THE RAVELING: A Medieval Romance (Age of Faith Book 8), страница 1
Age of Faith: Book Eight
From USA Today Best-seller, Tamara Leigh, the eighth book in the AGE OF FAITH series—featuring the troubadour knight of THE LONGING and THE VEXING. The final book? For now…
BY HONOR BOUND TO SEEK THE FOUND
HERE BEGINS A TALE
Sir Elias De Morville is no ordinary man of the sword, possessing both the heart of a warrior and a troubadour. When he sets out to rescue a boy who may be his son, more than ever he must prove worthy of the Wulfrith dagger that ranks him among the greatest of knights. And more difficult it becomes when not only must he protect the enigmatic woman who aids him, but guard against attraction to one forbidden him—she whose deceit could bring his family to its knees.
OF RAVELING AND TRAVELING
BEYOND THE MOONLIT VEIL
Honore of no surname is of the world only insofar as she ventures into it to pluck unwanted children from dark places. When a foundling is stolen from the abbey, her greatest hope of recovering him is a knight to whom she dare not reveal her face nor the identity of the rebel priest whose flight from King Henry they aid. Finding herself cast in the role of Sir Elias’s wife, she struggles against a heart that longs to be his in truth. And prays what seems a necessary deception does not lay ruin to him.
THE RAVELING Copyright © 2018 by Tammy Schmanski, P.O. Box 1298, Goodlettsville, TN 37070, [email protected]
This novel is a work of fiction. Names, characters, places, incidents, and dialogues are either the product of the author’s imagination or are used fictitiously. Any resemblance to actual events, locales, organizations, or persons, living or dead, is entirely coincidental and beyond the intent of the author.
All rights reserved. This book is a copyrighted work and no part of it may be reproduced, stored, or transmitted in any form or by any means (electronic, mechanical, photographic, audio recording, or any information storage and retrieval system) without permission in writing from the author. The scanning, uploading, and distribution of this book via the Internet or any other means without the author’s permission is illegal and punishable by law. Thank you for supporting authors’ rights by purchasing only authorized editions.
Cover Design: Ravven
Stock Photo: Period Images
Male Model Photographer: Sam Harrison
Male Model: Skyler Schmanski
Also by Tamara Leigh
AGE OF CONQUEST EXCERPT
Also by Tamara Leigh
About the Author
Also by Tamara Leigh
CLEAN READ HISTORICAL ROMANCE
THE FEUD: A Medieval Romance Series
Baron Of Godsmere: Book One
Baron Of Emberly: Book Two
Baron of Blackwood: Book Three
LADY: A Medieval Romance Series
Lady At Arms: Book One
Lady Of Eve: Book Two
BEYOND TIME: A Medieval Time Travel Romance Series
Dreamspell: Book One
Lady Ever After: Book Two
STAND-ALONE Medieval Romance Novels
Lady Of Fire
Lady Of Conquest
INSPIRATIONAL HISTORICAL ROMANCE
AGE OF FAITH: A Medieval Romance Series
The Unveiling: Book One
The Yielding: Book Two
The Redeeming: Book Three
The Kindling: Book Four
The Longing: Book Five
The Vexing: Book Six
The Awakening: Book Seven
The Raveling: Book Eight
AGE OF CONQUEST: A Medieval Romance Series
Merciless: Book One (Winter 2018/2019)
INSPIRATIONAL CONTEMPORARY ROMANCE
HEAD OVER HEELS: Stand-Alone Romance Collection
SOUTHERN DISCOMFORT: A Contemporary Romance Series
Leaving Carolina: Book One
Nowhere, Carolina: Book Two
Restless in Carolina: Book Three
OUT-OF-PRINT GENERAL MARKET REWRITES
Warrior Bride 1994: Bantam Books (Lady At Arms)
*Virgin Bride 1994: Bantam Books (Lady Of Eve)
Pagan Bride 1995: Bantam Books (Lady Of Fire)
Saxon Bride 1995: Bantam Books (Lady Of Conquest)
Misbegotten 1996: HarperCollins (Lady Undaunted)
Unforgotten 1997: HarperCollins (Lady Ever After)
Blackheart 2001: Dorchester Leisure (Lady Betrayed)
*Virgin Bride is the sequel to Warrior Bride; Pagan Pride and Saxon Bride are stand-alone novels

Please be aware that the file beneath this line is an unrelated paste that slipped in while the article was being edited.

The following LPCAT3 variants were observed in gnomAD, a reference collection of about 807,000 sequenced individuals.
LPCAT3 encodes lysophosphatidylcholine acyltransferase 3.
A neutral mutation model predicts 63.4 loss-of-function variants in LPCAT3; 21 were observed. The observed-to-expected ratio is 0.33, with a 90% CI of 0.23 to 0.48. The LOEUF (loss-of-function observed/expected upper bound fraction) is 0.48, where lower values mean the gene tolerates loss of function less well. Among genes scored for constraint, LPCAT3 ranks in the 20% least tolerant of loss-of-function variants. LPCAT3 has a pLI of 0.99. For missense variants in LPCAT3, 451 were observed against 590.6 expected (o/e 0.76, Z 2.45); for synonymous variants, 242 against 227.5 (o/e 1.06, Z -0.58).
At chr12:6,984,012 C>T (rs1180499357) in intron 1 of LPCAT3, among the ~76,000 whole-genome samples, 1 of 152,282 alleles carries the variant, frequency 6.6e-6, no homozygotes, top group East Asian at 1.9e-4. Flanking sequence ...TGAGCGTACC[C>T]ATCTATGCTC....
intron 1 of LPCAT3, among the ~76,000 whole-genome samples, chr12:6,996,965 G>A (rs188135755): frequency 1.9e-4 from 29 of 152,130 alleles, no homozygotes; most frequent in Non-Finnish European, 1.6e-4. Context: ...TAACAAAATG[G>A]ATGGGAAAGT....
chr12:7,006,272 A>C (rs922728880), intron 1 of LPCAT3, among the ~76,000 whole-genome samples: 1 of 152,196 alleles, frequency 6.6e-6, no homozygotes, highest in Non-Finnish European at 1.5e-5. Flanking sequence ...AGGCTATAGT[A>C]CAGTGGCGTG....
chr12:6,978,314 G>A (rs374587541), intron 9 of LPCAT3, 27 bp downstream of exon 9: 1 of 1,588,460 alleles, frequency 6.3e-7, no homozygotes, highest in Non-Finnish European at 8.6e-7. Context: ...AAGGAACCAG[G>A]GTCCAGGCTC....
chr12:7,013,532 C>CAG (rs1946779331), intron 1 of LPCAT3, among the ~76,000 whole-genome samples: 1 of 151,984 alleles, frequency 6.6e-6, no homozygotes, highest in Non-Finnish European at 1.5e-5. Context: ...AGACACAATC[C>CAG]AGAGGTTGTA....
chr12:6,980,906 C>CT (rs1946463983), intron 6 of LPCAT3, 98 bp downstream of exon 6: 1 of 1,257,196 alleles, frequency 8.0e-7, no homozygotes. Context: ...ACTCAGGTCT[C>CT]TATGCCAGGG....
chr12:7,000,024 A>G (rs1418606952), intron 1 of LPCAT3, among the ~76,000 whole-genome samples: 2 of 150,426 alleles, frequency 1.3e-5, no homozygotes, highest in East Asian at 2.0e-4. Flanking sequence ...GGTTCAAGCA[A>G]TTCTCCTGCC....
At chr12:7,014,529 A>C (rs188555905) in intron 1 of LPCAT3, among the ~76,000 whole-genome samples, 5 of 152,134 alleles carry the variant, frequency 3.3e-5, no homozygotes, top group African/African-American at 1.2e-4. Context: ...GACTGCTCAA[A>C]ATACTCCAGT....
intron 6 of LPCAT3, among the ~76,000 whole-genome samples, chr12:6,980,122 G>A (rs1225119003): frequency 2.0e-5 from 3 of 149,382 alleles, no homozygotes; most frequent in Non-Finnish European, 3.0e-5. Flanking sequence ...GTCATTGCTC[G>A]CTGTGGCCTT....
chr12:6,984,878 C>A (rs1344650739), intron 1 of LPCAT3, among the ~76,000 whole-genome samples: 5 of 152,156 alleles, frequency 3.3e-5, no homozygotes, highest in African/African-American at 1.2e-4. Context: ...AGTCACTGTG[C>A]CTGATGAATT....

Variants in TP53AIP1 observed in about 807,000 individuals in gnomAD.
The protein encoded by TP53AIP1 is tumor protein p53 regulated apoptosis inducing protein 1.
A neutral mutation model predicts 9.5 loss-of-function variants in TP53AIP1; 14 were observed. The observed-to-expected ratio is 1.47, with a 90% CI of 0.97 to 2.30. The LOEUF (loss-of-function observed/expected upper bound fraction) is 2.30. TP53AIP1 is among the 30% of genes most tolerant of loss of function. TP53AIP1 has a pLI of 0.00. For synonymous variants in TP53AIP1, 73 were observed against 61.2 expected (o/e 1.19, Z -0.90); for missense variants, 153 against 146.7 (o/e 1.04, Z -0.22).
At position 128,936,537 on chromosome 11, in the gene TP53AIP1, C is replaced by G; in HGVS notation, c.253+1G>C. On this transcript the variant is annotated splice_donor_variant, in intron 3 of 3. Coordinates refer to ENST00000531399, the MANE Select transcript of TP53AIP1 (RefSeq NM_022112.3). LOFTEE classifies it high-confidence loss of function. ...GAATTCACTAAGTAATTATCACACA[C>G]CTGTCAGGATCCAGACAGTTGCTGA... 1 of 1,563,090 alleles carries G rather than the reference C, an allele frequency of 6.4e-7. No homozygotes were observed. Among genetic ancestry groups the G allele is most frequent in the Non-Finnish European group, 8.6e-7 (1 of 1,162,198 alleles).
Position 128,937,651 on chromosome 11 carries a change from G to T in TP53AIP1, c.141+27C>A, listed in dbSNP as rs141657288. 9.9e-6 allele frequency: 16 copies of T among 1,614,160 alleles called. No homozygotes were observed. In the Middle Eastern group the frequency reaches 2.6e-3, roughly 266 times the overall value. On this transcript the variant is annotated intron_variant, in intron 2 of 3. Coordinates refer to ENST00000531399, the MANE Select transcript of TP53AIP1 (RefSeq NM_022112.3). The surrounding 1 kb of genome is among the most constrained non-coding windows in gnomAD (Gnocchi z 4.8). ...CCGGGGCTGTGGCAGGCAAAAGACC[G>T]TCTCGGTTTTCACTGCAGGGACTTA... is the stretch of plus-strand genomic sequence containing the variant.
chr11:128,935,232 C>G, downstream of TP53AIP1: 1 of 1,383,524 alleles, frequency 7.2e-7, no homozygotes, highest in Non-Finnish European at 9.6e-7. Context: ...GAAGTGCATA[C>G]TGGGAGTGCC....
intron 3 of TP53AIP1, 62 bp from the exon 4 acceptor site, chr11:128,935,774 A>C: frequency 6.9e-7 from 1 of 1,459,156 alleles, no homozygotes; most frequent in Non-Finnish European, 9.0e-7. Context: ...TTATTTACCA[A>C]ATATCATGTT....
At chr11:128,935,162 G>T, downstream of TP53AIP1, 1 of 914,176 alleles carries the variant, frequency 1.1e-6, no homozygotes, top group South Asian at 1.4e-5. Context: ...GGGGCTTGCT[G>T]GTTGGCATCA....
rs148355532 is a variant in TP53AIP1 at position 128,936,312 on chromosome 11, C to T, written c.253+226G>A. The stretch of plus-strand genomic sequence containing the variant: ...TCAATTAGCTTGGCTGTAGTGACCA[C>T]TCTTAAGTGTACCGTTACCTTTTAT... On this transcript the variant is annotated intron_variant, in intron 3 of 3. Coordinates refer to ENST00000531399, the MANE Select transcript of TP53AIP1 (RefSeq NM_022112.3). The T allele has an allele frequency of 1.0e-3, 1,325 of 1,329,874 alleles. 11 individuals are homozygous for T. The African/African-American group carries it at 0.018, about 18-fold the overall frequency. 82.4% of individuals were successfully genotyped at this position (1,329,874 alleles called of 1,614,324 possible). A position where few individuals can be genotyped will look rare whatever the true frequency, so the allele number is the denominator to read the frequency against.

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TO SKYLER HUNT
From front cover to back and all in between, The Raveling is dedicated to our Parisian son. Thank you for coordinating the photo shoot four thousand miles away to honor my wish for you to appear on the eighth book in the Age of Faith series. You, our very own knight and amazing wordsmith, are the perfect Sir Elias De Morville. Je t’aime, mon cher fils.
BY HONOR BOUND
He had lost a son he had not known he had—providing the child was his. After all, there was a reason he had not married the mother. More, a reason she had not wished to wed him. And it appeared the reason had not changed.
“Dead,” she repeated, then lowered her voice. “’Twas the d-devil took him.”
Elias had reached for his purse to put coins in her palm, money he prayed would not be spent on drink, but he stilled over those last words sent past teeth no longer pretty.
He considered her gaunt face lit by a torch outside the alehouse from which she had stumbled minutes earlier, then once more eschewing French for the language of the English people conquered a hundred years past, rasped, “The devil, you say?”
Fear leapt from jittering eyes.
“Why the devil, Lettice?”
She moistened colorless lips, glanced around as though to e
One question answered only to breed more. “How marked, and for what had you no choice?”
She opened her mouth, left it ajar as if reconsidering her next words. Then she raised trembling fingers to the corner of her left eye and swept them down cheek and jaw. “All red and purple he was, as if kissed by…ye know. Him.”
Elias dug his short nails into calloused palms. A mark of birth, possessed by many—though rarely so large or visible—did not a devil’s child make. But as ever, superstition ran rampant.
“That would alarm, indeed,” he said with control lest he frighten her away. “What did you do?”
“I couldna keep him, Elias.” She shuddered. “Though lovely one side of him, that other side…that mark…”
Lord, he prayed, no matter my son or another’s, let her not have been so cruel to set the babe out in the wood.
“What would have been said of me?” she bemoaned.
Would it have been much worse than what was said of her when she took coin for the use of her body? he wondered with resentment he should no longer feel for a woman he had mostly ceased loving years ago.
He unclenched his jaw. “How did the babe die?”
She flinched, drew a shoulder up to her ear. “I did not wish to know. It was taken care of.”
Pain. Anger. Disgust. All set their brand upon Elias. It seemed naught remained of the woman he had loved. In looks, speech, spirit, and heart, she was unrecognizable. And just as he had been unable to save her then, he could not save her now. Worse, he could not save the babe who might have been his.